Computer Memory 101
All computers have two kinds of memory—system RAM and hard drive storage. Here’s an explanation of each and how it affects your genealogy research.
Most genealogists don’t need a huge hard drive unless they archive thousands of media files. If your computer has been acting sluggish and you’ve cleared your desktop and emptied the trash, check to see that you have plenty of room on your hard drive. To figure out how much hard drive space is available, follow the instructions at www.ehow.com/how_8021213_out-much-disk-space.html. You can delete or move files if you need to free up storage.
1. Purge and rename.
Think of a computer hard drive as a filing cabinet. At one point in time, all your important papers may have fit into a single accordion file. As life became more complicated and generated more paperwork, you may have graduated to the additional storage space of a file cabinet (and the extra folders the cabinet provided). Before you upgraded to a new cabinet, you probably took the time to clear out old files to maximize your space.
2. Fix flabby folders.
Start by using the folders already set up on your hard drive: Documents, Movies, Music, Pictures. Just as you don’t store your DVD collection with your insurance policies, you shouldn’t store your digital media files with important documents. Keep photos, movies and music in separate folders for easier backups and searching.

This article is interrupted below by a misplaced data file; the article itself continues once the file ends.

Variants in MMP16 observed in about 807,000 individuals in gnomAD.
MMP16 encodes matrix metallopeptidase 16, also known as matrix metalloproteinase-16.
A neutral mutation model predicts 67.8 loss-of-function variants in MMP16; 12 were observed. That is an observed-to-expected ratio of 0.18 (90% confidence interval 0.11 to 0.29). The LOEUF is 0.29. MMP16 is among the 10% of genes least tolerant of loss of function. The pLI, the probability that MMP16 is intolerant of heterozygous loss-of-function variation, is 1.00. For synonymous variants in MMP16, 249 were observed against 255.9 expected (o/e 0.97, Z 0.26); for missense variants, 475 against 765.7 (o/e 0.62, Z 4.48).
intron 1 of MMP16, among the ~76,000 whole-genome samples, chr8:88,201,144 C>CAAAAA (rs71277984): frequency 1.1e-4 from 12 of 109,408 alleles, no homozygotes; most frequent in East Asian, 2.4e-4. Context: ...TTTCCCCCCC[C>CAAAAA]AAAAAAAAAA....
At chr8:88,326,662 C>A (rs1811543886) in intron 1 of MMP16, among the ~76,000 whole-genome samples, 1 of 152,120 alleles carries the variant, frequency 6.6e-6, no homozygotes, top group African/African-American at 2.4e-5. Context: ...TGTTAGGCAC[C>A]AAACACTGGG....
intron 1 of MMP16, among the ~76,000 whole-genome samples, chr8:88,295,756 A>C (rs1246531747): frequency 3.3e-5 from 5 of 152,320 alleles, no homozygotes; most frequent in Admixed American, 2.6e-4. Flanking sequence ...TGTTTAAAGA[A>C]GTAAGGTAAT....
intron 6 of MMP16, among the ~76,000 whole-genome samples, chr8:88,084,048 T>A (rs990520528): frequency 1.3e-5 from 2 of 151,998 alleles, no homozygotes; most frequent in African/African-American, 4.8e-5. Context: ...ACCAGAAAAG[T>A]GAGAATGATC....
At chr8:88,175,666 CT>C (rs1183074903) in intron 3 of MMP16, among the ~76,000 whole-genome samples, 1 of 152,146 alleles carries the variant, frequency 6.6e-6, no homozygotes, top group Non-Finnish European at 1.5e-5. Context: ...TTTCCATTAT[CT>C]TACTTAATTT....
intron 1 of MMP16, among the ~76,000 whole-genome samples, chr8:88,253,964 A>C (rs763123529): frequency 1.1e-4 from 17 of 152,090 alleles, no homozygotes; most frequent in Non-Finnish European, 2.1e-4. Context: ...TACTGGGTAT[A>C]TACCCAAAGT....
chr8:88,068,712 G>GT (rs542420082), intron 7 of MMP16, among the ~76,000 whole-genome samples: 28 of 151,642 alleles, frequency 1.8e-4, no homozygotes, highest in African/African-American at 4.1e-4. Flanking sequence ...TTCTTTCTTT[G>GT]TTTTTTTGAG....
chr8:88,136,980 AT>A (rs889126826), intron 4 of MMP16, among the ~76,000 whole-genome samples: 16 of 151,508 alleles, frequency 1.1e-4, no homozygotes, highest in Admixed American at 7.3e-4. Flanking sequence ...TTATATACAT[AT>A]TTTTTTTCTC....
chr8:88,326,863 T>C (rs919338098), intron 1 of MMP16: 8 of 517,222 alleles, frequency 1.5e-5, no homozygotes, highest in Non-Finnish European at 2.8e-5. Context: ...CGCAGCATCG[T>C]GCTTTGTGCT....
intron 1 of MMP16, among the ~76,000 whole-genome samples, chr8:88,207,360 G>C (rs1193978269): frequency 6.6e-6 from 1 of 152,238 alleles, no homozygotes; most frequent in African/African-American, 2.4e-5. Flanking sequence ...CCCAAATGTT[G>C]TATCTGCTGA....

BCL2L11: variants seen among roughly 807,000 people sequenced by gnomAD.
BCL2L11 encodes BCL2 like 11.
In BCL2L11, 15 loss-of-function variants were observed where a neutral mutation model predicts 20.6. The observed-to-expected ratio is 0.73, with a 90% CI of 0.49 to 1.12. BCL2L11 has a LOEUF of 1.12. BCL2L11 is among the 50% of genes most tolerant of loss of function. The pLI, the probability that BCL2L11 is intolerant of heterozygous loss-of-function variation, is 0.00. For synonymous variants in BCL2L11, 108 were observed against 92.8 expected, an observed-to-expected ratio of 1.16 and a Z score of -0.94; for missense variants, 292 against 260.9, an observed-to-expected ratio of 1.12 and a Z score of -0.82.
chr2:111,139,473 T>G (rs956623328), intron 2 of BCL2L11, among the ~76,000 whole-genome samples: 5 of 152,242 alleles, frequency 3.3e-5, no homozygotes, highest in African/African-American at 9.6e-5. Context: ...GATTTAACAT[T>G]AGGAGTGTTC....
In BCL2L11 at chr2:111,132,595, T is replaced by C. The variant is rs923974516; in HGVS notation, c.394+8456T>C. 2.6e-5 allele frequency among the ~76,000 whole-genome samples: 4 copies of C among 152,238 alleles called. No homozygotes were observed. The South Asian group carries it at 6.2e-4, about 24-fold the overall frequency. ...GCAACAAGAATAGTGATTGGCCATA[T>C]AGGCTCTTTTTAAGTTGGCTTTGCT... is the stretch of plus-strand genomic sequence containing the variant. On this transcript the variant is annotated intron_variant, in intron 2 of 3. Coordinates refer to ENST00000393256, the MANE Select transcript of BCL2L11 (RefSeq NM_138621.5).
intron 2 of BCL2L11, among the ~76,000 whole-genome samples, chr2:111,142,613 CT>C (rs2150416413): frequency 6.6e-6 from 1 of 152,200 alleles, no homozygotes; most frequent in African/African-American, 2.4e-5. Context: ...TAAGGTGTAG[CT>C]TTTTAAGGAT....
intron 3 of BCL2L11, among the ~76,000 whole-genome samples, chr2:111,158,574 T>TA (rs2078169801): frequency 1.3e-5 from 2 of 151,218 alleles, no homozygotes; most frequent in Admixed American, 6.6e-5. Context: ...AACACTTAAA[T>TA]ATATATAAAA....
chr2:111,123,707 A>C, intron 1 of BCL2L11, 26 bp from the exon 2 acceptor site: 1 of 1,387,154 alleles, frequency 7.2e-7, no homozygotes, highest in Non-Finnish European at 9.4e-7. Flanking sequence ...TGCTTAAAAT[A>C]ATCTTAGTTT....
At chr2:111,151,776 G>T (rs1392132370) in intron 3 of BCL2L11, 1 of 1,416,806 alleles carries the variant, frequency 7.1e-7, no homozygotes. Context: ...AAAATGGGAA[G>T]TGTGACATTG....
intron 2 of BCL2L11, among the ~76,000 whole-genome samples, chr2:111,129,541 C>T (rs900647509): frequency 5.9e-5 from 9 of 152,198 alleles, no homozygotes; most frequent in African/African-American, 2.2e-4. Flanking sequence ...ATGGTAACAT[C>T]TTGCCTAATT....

Let’s focus on how to make nested folders within a Genealogy document folder. Genealogists work with people, places and dates. Each of these categories is a logical point for creating and naming a folder in which to store your files. Two popular methods for organizing your folders are:
- Surname folders: Within my Genealogy folder are individual folders for each surname I’m researching. If I have my computer set to arrange folders and files by name, the surname folders will be arranged alphabetically, making it even faster to find what I’m looking for. I put all files related to a surname in that surname’s folder.
- Record group folders: Another way to organize your files is to create subfolders within your genealogy surname folder for major record groups. With this method, the Surname folder for each family contains subfolders labeled Vital Records, Military, Census, Probate, and so on. This has the advantage of keeping similar record types together, but requires the additional step of filing in the correct subfolder. You also must be consistent with where you place files that belong in a few different categories. For example, you’ll always need to remember whether you file obituaries under Newspapers or Vitals.
3. Clear your desktop.
It might seem handy to keep documents parked on your desktop, especially when you’re in the middle of a large project, but this habit can slow down your computer. Each file on the desktop is loaded into memory when your computer starts. Lots of large files stored on your desktop can cause a slow startup.
4. Create a backup plan.
You may think you have your files backed up because you have multiple copies of them on your computer. But the truth is it doesn’t matter how many copies you have if they’re all stored on the same device. If something happens to that device, all of your copies will be lost.
- External storage devices: This category includes media cards (the same type that go in your digital camera), USB flash drives, external hard drives and recordable DVDs.